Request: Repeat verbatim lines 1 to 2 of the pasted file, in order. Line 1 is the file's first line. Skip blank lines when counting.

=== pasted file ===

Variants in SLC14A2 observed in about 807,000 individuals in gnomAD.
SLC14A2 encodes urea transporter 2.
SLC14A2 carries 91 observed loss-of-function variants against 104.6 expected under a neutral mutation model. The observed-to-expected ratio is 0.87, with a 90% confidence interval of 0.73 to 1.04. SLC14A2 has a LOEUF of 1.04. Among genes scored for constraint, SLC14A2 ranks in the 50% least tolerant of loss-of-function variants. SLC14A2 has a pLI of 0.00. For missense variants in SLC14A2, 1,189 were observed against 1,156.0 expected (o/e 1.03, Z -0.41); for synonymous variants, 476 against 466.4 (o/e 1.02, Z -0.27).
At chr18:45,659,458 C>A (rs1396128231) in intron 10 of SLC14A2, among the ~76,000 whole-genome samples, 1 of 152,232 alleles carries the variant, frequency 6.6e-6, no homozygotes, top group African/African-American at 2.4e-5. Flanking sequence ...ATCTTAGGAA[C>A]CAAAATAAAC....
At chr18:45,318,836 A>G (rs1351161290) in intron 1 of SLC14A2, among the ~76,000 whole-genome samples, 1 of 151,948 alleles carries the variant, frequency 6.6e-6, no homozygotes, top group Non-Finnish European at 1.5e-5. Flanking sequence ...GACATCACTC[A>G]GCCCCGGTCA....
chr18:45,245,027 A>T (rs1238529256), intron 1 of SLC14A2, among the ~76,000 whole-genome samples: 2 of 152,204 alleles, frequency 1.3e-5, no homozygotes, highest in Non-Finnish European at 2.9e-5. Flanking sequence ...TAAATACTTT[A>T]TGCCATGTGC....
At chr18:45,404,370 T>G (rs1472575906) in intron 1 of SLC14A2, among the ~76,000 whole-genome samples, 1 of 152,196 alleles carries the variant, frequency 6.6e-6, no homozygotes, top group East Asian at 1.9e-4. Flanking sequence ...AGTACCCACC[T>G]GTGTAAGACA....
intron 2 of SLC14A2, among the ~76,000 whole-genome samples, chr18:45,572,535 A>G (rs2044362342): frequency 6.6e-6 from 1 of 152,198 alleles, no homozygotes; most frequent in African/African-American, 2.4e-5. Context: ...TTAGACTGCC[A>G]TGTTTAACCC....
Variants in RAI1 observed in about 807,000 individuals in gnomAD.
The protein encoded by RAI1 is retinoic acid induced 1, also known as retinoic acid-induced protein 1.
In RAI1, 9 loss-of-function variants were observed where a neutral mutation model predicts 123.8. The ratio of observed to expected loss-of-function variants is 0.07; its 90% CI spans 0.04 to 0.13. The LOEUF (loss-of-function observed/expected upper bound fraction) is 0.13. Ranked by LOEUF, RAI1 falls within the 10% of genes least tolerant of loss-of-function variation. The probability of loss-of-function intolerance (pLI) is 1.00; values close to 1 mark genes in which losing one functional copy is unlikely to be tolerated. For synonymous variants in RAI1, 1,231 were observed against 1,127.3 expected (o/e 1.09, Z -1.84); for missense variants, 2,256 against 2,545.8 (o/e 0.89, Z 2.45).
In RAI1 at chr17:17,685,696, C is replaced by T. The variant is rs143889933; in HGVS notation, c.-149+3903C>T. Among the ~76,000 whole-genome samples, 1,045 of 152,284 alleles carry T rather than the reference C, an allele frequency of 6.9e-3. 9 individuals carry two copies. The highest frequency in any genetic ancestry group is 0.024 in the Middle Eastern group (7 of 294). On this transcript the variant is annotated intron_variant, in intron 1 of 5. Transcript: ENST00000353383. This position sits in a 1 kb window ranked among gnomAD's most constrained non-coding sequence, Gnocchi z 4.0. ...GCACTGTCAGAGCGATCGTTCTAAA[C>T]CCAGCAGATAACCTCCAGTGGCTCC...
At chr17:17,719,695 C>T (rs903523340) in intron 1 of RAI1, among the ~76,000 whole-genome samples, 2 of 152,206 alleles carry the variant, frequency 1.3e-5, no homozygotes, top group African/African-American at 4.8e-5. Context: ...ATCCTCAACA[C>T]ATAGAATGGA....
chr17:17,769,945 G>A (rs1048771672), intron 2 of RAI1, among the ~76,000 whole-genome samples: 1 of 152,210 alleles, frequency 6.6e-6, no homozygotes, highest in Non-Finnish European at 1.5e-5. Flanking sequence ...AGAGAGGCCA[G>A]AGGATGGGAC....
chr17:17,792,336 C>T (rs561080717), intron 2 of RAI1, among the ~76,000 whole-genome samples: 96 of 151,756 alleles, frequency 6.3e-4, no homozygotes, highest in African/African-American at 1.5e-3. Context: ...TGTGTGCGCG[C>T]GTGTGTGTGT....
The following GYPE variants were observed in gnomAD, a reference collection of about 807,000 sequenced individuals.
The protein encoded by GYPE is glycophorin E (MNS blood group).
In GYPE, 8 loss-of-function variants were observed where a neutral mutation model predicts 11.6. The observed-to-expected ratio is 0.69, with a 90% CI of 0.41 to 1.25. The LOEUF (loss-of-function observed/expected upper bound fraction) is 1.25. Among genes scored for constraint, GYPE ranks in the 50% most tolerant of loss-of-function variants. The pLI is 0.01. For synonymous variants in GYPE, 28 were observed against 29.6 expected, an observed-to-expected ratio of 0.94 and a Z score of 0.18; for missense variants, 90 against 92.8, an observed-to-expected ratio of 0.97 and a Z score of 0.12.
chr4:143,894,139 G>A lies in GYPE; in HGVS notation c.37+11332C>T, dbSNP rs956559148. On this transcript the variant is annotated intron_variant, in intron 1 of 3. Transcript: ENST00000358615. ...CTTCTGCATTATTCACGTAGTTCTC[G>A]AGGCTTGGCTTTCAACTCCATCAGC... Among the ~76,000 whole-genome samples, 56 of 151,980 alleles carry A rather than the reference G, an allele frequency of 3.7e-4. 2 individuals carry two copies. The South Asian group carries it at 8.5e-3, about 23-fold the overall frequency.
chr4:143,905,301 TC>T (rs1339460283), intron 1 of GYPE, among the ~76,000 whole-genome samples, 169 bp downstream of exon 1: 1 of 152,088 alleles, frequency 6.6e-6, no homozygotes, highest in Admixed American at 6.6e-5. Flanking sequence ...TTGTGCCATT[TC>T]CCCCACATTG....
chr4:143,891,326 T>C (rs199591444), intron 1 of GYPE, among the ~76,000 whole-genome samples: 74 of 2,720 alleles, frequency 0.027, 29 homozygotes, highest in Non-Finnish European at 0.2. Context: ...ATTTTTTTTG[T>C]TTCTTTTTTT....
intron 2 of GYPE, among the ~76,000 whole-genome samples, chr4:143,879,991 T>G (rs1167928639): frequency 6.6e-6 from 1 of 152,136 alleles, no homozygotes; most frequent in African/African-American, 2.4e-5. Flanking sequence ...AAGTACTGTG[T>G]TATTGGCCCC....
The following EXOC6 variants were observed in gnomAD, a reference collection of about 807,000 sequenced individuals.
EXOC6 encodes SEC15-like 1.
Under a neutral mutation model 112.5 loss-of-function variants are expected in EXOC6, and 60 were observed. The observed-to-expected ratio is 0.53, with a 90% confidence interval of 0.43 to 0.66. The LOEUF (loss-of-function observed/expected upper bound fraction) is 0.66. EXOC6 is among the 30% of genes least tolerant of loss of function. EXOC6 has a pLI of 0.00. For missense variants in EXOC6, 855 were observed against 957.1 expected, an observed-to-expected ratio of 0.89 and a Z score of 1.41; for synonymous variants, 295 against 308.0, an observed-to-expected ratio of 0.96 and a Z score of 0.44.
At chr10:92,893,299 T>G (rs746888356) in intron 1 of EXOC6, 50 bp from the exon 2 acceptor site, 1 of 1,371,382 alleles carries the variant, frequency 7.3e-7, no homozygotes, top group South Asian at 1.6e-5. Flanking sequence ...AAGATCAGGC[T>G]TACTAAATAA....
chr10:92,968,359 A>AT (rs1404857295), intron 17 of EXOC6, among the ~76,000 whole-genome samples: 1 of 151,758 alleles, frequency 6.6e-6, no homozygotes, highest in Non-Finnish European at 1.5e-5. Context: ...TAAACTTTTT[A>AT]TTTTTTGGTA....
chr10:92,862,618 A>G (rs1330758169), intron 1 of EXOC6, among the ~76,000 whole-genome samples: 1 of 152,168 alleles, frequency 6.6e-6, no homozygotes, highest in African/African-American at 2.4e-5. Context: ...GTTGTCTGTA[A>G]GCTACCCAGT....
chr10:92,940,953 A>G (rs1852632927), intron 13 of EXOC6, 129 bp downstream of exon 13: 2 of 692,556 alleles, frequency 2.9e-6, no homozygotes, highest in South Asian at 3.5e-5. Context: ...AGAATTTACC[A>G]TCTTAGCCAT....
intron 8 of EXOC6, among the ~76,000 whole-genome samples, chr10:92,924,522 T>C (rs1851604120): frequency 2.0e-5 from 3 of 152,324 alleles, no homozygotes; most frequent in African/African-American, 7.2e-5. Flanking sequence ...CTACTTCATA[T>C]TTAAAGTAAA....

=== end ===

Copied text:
Variants in SLC14A2 observed in about 807,000 individuals in gnomAD.
SLC14A2 encodes urea transporter 2.